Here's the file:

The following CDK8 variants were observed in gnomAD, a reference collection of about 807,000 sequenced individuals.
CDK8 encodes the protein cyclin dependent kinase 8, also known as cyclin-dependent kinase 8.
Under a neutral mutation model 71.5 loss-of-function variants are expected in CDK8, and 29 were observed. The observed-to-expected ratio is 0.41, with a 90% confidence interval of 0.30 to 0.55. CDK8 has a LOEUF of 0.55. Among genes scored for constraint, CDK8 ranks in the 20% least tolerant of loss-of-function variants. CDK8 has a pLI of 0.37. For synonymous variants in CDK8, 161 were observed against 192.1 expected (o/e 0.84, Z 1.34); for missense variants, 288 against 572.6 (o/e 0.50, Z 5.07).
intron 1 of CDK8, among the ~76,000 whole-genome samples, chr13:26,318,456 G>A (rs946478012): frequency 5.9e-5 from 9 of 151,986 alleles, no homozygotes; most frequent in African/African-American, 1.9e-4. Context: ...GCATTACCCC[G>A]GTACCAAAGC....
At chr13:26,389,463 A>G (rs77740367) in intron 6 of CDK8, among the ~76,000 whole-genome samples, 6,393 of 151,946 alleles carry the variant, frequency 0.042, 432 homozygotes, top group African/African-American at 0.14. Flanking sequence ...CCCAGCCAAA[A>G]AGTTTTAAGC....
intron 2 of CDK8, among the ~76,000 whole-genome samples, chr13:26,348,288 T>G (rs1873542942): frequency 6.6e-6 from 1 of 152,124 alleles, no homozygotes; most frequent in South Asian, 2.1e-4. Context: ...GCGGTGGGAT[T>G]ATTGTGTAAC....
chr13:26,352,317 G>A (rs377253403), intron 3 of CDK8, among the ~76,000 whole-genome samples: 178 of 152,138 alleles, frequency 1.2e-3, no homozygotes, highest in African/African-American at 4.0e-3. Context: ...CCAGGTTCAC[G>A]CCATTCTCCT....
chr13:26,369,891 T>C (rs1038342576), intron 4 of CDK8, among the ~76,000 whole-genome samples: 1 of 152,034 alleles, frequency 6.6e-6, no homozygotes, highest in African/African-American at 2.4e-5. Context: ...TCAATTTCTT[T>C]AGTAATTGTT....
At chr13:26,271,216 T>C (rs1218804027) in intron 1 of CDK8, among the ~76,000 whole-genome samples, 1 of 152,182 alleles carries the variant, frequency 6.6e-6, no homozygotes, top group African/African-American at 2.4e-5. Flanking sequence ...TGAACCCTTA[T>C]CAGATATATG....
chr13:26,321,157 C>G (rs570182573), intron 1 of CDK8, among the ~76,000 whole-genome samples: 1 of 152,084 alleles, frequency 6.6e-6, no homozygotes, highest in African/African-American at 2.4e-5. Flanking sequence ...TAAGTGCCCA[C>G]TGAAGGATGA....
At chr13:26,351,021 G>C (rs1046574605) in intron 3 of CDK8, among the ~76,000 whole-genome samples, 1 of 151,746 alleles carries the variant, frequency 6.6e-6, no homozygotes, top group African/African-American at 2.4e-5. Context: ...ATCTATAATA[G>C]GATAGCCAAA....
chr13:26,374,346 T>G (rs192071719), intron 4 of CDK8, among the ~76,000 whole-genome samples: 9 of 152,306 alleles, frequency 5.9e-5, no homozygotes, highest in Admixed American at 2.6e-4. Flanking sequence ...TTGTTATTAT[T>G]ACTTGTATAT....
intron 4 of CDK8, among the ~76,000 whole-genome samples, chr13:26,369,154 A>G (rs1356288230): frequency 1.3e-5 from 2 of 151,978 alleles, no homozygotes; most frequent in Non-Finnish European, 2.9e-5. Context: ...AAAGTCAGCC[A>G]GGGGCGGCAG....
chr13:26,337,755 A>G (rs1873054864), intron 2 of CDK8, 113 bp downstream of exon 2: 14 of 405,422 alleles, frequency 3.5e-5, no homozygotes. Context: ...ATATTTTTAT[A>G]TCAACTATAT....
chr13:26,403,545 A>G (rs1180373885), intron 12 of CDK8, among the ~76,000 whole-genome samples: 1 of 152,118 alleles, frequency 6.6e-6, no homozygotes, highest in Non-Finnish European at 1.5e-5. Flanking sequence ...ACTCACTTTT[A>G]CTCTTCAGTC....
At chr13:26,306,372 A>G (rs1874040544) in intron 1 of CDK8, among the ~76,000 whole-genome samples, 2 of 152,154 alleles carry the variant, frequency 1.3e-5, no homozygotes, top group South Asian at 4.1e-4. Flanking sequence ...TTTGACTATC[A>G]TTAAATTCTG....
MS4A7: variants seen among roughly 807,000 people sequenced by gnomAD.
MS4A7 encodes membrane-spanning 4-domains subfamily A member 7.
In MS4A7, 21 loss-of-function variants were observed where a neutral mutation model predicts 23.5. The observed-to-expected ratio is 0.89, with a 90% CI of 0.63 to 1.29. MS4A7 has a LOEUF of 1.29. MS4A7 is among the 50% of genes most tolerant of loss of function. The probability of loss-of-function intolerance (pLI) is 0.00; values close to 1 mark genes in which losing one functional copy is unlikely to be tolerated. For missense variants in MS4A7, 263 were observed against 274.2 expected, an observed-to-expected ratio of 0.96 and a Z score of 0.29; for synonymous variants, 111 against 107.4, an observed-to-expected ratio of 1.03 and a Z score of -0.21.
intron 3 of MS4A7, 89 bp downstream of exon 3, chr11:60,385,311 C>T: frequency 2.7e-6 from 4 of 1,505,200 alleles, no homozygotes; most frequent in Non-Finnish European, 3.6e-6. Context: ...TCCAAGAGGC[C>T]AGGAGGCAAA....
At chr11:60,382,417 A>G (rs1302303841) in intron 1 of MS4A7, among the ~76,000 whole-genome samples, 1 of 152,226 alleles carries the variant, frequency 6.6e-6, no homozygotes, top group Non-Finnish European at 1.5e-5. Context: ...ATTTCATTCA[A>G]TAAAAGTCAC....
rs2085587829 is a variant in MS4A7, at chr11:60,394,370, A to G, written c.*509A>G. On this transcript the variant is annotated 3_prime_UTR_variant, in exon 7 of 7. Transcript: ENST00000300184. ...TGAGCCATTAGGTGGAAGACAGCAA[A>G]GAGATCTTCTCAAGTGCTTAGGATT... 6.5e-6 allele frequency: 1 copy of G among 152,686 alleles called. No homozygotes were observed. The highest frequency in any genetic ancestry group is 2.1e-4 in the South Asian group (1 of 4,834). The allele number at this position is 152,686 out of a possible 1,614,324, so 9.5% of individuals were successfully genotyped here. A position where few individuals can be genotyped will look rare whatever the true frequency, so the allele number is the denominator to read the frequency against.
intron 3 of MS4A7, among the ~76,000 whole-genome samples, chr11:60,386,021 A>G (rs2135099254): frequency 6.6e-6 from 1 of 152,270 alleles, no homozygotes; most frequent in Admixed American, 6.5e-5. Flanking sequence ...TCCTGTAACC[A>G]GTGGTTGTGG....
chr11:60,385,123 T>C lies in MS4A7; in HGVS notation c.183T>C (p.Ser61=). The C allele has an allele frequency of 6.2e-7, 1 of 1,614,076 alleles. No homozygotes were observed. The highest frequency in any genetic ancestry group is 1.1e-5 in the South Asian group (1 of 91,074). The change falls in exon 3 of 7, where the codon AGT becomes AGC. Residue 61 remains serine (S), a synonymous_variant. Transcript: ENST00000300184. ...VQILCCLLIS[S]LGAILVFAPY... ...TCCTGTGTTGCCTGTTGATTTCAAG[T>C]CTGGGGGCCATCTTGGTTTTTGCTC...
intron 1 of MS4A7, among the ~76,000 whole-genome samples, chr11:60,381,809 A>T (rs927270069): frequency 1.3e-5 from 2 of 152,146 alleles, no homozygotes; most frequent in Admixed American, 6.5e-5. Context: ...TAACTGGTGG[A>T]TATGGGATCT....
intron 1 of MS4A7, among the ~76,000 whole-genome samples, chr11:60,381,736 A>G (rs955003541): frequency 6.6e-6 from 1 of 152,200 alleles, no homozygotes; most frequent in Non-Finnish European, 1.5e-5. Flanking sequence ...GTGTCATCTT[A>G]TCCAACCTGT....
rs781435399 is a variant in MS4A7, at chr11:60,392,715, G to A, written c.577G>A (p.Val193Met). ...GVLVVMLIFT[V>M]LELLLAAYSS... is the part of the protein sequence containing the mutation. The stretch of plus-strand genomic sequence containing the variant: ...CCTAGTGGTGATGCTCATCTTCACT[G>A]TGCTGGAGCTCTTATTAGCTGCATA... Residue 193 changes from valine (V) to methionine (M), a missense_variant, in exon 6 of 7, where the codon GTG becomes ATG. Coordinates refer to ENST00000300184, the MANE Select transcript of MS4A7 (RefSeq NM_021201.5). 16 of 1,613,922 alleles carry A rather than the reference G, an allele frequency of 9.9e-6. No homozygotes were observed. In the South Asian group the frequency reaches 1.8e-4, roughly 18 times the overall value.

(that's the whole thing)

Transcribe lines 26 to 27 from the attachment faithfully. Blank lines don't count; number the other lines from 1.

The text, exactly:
intron 1 of MS4A7, among the ~76,000 whole-genome samples, chr11:60,381,736 A>G (rs955003541): frequency 6.6e-6 from 1 of 152,200 alleles, no homozygotes; most frequent in Non-Finnish European, 1.5e-5. Flanking sequence ...GTGTCATCTT[A>G]TCCAACCTGT....
rs781435399 is a variant in MS4A7, at chr11:60,392,715, G to A, written c.577G>A (p.Val193Met). ...GVLVVMLIFT[V>M]LELLLAAYSS... is the part of the protein sequence containing the mutation. The stretch of plus-strand genomic sequence containing the variant: ...CCTAGTGGTGATGCTCATCTTCACT[G>A]TGCTGGAGCTCTTATTAGCTGCATA... Residue 193 changes from valine (V) to methionine (M), a missense_variant, in exon 6 of 7, where the codon GTG becomes ATG. Coordinates refer to ENST00000300184, the MANE Select transcript of MS4A7 (RefSeq NM_021201.5). 16 of 1,613,922 alleles carry A rather than the reference G, an allele frequency of 9.9e-6. No homozygotes were observed. In the South Asian group the frequency reaches 1.8e-4, roughly 18 times the overall value.